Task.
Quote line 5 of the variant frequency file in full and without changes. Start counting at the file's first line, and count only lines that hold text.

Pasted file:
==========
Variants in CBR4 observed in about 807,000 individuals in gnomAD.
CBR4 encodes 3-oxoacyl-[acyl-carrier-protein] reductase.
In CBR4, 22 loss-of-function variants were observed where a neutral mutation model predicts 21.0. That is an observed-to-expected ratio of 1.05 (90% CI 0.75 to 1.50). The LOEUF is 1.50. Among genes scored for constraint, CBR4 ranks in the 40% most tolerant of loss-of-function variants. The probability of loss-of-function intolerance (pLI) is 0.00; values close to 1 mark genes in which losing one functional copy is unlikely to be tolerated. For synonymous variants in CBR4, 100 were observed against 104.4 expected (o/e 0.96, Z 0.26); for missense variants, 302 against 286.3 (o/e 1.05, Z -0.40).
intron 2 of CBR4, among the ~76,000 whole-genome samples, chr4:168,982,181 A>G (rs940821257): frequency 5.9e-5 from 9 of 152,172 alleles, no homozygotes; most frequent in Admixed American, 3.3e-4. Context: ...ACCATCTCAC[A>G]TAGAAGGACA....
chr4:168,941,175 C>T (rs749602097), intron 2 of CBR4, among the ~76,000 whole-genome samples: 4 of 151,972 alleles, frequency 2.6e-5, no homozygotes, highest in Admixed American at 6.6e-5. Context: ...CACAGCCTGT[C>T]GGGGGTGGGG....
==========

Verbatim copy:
chr4:168,941,175 C>T (rs749602097), intron 2 of CBR4, among the ~76,000 whole-genome samples: 4 of 151,972 alleles, frequency 2.6e-5, no homozygotes, highest in Admixed American at 6.6e-5. Context: ...CACAGCCTGT[C>T]GGGGGTGGGG....